I know this paints kind of a bleak picture, but weight gain in menopause is not inevitable. Yes, there is a hormonal connection that will make it challenging for most of us, but we need to be prepared. We need to set up good habits before we reach menopause and if we have already arrived, then start working on decreasing our weight and looking at good habits to combat it. You may not have the figure you had when you were 20, but that's okay. Your self-worth has no connection to menopause or weight gain. It is really coming back to the basics as always, which are good nutrition, adequate sleep, plenty of water, exercise and good stress management skills. Some may want to look into hormone stabilizers, natural or synthetic.

Good nutrition is imperative as you will likely need to decrease overall daily calorie consumption to keep pace with your slowing metabolism and hormone changes. You can still eat your favorite foods, but more attention will need to be given this area and cutting down portion sizes is advisable. Using whole grains most of the time, decreasing sugar, decreasing fat, choosing better protein sources with less fat in them like lean meats, poultry and soy will be helpful. Also, eating plenty of fruits and vegetables as well as dairy products that are lower fat. Finding a nutritious lifestyle that is enjoyable will play a huge part in not only losing weight in menopause, but also keeping it off.

Sleep is good! Studies show that between 6-7 hours a night is ideal for most people and women showed less weight gain than those under and over that amount.

Water intake is always important for any age. Adequate water can help with overall weight management as well as other health benefits.

Exercise still can be done even with your body slowing down. Maybe you don't want to climb Mt. Everest every week, but a good healthy vigorous walk for 30 minutes a few times a week can do wonders for your health and keeping your weight down in menopause. If walking vigorously is not recommended by your doctor, walk less vigorously maybe 30 minutes every day. Treadmills are nice to keep you out of winter weather. Talk with your physician about exercises that would be appropriate for you.

Stress management is always important for any age, but constant stress can complicate your efforts. Your body releases a hormone called Cortisol when under stress and it tends to build up visceral (internal) fat within the abdominal area, around your organs, especially your heart and liver if excessive. This, as you can imagine, is not a good thing. Whatever helps to relieve stress for you, make it a daily habit. Prayer, reading the Bible, reading a book, meditation, taking a walk, taking a bath, watching a comedy on TV, listening to music. Whatever it is, make it a daily habit. There was actually another study showing a decrease in weight gain in menopausal women who prayed and/or meditated regularly.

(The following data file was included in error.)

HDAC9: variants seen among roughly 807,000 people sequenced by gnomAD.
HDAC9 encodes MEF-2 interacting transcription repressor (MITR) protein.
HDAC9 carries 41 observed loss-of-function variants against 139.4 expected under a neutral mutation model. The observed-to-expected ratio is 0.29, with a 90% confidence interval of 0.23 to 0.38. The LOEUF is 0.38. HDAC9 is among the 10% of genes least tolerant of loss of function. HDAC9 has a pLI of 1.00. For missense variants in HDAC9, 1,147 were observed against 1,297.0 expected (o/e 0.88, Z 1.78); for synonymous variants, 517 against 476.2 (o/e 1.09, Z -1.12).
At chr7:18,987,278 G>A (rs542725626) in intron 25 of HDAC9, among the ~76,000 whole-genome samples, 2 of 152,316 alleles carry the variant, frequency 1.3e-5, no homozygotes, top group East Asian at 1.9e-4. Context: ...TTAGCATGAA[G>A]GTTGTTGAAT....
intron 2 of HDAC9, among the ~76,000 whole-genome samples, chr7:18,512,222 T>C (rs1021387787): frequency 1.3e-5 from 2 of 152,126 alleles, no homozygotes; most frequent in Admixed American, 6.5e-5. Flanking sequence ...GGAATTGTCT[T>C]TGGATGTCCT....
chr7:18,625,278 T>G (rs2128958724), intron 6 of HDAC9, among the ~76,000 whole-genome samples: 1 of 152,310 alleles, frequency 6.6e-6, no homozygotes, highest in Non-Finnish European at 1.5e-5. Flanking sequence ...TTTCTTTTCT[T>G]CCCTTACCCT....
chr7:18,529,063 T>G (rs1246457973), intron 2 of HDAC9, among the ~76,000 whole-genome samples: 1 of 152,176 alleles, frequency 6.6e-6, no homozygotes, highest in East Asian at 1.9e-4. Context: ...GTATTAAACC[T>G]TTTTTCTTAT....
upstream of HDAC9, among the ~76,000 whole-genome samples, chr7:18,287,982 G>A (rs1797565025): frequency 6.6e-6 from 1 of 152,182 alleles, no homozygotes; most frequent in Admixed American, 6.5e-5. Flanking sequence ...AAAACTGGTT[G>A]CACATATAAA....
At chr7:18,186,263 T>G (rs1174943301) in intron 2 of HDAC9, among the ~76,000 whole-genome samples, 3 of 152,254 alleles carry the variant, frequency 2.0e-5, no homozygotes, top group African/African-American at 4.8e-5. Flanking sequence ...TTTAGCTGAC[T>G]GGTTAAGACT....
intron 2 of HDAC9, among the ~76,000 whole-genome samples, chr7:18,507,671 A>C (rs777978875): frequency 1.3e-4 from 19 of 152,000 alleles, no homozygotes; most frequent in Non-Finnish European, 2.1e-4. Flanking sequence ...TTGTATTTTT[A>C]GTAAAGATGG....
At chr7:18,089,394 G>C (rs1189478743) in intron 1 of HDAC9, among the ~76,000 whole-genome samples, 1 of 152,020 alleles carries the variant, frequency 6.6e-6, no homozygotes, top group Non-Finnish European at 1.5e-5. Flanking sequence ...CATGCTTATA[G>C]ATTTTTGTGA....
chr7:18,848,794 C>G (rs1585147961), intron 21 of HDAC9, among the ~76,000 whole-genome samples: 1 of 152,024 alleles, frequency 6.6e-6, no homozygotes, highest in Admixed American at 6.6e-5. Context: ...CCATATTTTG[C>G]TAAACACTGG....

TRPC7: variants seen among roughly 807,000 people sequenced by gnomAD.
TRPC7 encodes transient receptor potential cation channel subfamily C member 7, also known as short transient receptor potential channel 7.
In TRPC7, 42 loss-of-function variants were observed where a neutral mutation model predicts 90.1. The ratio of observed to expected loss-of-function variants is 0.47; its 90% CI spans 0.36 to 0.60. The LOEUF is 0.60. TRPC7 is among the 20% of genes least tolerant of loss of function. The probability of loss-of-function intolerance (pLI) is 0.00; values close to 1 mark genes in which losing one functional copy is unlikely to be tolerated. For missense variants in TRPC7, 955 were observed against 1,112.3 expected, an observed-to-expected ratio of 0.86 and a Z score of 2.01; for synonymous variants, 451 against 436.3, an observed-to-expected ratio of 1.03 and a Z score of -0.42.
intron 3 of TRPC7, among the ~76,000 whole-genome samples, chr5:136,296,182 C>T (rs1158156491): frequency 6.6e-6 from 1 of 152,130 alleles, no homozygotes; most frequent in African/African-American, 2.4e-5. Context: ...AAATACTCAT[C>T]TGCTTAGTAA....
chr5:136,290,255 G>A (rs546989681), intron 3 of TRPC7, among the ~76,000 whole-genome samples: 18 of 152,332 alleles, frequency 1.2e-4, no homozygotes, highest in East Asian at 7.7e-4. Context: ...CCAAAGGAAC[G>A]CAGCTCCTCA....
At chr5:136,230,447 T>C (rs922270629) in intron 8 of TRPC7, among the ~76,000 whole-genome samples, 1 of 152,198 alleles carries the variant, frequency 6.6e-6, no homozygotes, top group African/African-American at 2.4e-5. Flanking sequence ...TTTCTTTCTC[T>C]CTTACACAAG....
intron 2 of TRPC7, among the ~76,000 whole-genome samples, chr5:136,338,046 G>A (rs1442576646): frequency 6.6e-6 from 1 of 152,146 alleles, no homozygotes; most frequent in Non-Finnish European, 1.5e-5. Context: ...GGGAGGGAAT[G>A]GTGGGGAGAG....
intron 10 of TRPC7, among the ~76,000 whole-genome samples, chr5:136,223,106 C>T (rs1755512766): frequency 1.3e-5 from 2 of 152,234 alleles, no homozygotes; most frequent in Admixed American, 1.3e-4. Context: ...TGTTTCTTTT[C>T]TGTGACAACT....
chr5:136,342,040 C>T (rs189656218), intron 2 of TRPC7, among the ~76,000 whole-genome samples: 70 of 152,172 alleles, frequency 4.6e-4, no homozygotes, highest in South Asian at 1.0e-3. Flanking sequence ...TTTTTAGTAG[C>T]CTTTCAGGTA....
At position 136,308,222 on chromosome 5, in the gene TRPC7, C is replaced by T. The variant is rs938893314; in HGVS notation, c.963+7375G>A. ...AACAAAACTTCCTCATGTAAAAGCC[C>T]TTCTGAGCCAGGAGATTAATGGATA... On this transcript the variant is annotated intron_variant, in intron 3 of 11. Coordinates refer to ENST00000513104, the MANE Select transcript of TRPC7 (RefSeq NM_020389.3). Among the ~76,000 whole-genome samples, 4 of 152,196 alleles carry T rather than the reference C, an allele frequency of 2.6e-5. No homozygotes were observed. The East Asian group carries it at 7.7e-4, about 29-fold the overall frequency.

Hormone replacement may be helpful for some. Seek a physician who has knowledge in all the hormonal changes that occur, such as a gynecologist or a naturopathic physician. To know for sure if you have visceral fat buildup in the abdominal area, you will likely need a CT scan or MRI.

Weight Gain And Menopause Not Inevitable

So weight gain and menopause is not inevitable, but it will take some conscious effort for most people. Hormone levels do usually level off in post menopausal years. Keep in mind that you don't have to be as thin as you might have been when you were 20, but you do not want extra weight around your mid-section as this increases your risk for cardiovascular disease including heart attacks and strokes as well as increasing your risk for diabetes, dementia and certain types of cancers. Work on developing healthy, but enjoyable lifestyle habits to beat the hormonal connection and decrease the potential for weight gain in your menopause years.

Being a nurse for many years has given me a certain perspective on health and wellness. Now I enjoy educating people on the contribution good nutrition makes in the quality of their lives. If you are ready to start feeling better, see how you can start at or get more information at